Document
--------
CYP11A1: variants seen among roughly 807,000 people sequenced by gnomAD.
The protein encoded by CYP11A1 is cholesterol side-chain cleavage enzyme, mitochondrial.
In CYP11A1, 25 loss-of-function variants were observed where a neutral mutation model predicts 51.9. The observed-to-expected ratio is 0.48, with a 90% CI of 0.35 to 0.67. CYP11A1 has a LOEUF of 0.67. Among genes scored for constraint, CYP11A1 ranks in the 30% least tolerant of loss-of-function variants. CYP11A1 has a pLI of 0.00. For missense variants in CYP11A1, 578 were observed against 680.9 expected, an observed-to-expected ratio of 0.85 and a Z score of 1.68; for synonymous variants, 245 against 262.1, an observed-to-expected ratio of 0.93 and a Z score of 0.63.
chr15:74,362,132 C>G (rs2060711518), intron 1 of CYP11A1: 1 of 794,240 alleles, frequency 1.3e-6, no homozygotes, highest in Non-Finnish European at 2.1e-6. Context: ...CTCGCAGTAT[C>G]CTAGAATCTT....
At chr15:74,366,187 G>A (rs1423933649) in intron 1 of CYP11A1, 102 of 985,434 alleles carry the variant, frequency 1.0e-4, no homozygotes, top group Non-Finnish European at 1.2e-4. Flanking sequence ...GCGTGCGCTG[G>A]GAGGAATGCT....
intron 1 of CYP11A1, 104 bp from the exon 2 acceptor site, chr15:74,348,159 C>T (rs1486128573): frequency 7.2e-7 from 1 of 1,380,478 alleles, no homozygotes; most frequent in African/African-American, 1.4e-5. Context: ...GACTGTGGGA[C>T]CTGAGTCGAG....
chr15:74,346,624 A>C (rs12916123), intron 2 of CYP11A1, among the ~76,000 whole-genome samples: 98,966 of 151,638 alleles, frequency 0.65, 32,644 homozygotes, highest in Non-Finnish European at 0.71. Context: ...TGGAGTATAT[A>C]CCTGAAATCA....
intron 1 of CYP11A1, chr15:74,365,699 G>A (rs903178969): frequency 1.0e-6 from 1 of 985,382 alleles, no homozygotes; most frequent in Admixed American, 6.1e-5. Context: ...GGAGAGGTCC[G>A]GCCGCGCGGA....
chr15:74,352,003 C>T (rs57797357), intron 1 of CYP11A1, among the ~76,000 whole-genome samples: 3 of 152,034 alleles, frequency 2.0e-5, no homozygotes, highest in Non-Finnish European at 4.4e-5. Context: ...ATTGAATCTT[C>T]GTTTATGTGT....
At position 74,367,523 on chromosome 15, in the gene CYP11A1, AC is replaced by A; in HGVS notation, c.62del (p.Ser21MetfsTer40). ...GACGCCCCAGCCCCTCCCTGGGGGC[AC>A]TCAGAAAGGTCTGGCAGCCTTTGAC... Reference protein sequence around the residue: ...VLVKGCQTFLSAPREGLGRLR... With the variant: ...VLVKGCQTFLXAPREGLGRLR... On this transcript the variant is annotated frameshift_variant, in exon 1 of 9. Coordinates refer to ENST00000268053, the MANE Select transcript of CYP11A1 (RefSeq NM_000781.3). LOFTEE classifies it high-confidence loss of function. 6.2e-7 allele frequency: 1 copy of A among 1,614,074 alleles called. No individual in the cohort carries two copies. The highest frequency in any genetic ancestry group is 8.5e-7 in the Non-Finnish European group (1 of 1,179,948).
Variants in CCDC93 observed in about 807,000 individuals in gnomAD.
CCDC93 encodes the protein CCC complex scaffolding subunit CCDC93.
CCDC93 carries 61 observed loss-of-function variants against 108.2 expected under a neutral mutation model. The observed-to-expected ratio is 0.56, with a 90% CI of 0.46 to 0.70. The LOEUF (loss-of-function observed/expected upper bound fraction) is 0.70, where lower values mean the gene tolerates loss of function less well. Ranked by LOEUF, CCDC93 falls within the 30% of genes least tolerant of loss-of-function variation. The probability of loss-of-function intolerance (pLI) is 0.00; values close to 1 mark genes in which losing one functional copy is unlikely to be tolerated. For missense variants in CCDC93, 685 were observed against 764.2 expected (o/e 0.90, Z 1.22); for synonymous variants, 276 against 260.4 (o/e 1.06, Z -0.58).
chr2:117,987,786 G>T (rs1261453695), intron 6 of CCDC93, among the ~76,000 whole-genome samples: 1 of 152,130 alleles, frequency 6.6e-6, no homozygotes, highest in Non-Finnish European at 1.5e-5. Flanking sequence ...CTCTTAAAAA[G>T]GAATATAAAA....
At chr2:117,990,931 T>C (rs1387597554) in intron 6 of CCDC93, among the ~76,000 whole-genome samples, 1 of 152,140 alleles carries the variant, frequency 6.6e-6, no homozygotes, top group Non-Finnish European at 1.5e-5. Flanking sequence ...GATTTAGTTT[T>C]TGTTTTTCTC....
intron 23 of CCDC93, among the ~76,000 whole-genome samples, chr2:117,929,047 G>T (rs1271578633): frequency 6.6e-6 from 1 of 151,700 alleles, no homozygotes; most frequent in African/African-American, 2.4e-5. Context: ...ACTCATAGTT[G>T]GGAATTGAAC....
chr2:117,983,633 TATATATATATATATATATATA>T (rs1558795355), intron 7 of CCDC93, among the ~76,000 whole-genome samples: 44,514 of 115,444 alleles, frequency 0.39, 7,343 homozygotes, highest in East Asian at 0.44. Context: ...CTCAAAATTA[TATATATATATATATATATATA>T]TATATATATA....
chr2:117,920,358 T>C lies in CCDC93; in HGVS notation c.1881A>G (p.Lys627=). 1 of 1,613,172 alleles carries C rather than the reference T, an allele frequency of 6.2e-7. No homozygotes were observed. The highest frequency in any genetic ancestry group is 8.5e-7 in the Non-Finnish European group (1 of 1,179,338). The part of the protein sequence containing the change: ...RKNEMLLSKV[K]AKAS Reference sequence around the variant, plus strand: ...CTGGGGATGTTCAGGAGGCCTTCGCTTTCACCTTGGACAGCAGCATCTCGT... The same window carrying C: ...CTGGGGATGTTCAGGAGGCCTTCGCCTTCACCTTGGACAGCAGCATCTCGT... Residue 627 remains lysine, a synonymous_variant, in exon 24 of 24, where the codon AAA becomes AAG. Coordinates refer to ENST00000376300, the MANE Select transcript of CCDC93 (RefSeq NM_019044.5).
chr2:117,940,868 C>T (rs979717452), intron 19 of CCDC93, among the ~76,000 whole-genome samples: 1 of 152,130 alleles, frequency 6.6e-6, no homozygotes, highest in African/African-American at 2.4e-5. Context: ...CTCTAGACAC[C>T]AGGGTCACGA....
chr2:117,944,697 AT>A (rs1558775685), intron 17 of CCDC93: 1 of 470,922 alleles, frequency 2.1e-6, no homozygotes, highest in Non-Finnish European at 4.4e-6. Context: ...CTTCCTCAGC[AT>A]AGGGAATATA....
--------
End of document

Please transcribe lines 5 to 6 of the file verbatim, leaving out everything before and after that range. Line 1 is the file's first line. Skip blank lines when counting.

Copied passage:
At chr15:74,366,187 G>A (rs1423933649) in intron 1 of CYP11A1, 102 of 985,434 alleles carry the variant, frequency 1.0e-4, no homozygotes, top group Non-Finnish European at 1.2e-4. Flanking sequence ...GCGTGCGCTG[G>A]GAGGAATGCT....
intron 1 of CYP11A1, 104 bp from the exon 2 acceptor site, chr15:74,348,159 C>T (rs1486128573): frequency 7.2e-7 from 1 of 1,380,478 alleles, no homozygotes; most frequent in African/African-American, 1.4e-5. Context: ...GACTGTGGGA[C>T]CTGAGTCGAG....